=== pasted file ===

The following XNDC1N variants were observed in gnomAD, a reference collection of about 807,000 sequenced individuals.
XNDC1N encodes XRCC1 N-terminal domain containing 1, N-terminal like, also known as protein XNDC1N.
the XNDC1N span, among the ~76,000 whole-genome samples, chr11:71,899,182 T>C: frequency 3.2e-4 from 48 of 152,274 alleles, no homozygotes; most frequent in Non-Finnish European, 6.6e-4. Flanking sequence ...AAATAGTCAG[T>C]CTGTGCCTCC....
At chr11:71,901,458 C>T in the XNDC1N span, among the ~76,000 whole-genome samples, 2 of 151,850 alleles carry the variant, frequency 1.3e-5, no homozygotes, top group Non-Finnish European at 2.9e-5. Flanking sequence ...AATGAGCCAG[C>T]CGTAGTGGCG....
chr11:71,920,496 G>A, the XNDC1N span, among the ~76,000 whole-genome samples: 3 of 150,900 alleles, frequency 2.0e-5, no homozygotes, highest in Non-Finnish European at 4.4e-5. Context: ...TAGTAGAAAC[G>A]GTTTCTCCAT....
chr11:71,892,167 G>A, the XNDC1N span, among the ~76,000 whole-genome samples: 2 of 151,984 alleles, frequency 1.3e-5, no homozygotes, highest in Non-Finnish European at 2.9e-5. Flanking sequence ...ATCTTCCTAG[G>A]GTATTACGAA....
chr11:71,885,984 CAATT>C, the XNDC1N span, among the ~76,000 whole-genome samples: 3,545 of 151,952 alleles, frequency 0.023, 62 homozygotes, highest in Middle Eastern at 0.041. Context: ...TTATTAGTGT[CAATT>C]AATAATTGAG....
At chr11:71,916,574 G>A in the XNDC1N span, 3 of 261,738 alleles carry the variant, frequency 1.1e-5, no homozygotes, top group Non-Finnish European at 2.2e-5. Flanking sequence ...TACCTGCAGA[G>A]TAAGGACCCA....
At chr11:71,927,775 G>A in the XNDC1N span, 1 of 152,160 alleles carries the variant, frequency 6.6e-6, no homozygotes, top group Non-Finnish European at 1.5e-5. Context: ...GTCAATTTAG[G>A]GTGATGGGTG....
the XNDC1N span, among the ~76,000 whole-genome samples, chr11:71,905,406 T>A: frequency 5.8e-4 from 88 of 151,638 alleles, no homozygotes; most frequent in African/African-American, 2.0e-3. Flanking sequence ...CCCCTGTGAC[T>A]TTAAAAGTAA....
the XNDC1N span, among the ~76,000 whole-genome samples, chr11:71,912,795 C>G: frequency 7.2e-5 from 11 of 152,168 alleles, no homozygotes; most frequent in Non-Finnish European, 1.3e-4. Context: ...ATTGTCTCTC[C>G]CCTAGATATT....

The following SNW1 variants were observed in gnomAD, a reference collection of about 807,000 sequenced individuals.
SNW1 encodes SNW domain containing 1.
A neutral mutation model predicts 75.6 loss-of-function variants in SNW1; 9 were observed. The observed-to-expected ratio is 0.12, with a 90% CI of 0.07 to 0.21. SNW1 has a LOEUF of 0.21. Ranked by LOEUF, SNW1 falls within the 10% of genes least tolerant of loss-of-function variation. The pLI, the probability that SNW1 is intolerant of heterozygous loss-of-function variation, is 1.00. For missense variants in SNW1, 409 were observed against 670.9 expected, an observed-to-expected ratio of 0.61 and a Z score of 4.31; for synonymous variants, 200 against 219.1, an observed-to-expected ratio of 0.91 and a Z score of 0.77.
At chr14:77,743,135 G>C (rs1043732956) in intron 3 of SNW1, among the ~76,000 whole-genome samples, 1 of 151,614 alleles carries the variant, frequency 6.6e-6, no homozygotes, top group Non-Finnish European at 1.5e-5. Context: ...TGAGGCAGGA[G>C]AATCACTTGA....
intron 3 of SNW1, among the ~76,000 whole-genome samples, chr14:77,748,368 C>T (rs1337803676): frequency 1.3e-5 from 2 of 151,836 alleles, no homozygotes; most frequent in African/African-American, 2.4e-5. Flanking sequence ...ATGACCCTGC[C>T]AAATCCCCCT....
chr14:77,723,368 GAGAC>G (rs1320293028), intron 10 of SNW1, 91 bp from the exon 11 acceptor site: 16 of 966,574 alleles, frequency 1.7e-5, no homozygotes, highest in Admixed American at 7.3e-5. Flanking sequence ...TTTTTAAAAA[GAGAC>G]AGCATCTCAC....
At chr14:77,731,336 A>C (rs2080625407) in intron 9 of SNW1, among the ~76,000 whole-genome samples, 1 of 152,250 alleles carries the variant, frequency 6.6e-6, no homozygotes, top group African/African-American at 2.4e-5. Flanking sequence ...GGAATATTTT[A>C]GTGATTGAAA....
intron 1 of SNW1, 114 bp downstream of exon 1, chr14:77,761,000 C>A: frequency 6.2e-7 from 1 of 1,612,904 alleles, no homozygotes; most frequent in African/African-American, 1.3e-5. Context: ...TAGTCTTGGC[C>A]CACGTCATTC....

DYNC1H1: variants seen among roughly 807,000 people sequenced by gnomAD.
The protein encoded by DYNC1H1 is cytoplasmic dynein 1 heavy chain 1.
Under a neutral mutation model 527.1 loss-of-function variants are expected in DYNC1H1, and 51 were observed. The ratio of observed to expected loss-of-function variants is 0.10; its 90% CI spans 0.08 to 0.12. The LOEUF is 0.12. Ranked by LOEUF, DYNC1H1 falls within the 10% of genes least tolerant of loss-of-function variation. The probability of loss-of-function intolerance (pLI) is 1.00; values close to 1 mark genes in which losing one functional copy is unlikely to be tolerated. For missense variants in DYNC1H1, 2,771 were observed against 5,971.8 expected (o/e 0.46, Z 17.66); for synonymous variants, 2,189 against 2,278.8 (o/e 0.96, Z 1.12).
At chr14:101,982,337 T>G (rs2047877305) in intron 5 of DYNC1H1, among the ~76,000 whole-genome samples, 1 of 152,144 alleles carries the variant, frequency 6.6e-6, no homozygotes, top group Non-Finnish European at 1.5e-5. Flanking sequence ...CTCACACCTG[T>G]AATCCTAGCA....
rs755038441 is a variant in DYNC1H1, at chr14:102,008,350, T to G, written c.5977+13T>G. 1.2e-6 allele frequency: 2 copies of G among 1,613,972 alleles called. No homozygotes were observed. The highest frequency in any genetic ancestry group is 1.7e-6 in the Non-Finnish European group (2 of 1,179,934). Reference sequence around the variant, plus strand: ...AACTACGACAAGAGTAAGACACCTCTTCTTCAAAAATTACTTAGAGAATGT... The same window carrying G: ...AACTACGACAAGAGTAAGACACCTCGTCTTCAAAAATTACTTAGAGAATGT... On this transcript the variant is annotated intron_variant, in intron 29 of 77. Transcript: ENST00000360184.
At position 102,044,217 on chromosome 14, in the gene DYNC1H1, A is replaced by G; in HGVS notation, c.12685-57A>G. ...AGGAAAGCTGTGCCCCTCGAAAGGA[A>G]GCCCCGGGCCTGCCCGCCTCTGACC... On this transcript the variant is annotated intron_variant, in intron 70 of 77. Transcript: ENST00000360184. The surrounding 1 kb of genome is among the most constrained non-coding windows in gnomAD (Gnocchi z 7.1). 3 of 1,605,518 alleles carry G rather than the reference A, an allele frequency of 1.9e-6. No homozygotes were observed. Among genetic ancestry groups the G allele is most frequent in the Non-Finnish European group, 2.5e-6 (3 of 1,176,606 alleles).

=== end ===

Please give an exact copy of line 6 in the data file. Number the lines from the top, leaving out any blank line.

chr11:71,892,167 G>A, the XNDC1N span, among the ~76,000 whole-genome samples: 2 of 151,984 alleles, frequency 1.3e-5, no homozygotes, highest in Non-Finnish European at 2.9e-5. Flanking sequence ...ATCTTCCTAG[G>A]GTATTACGAA....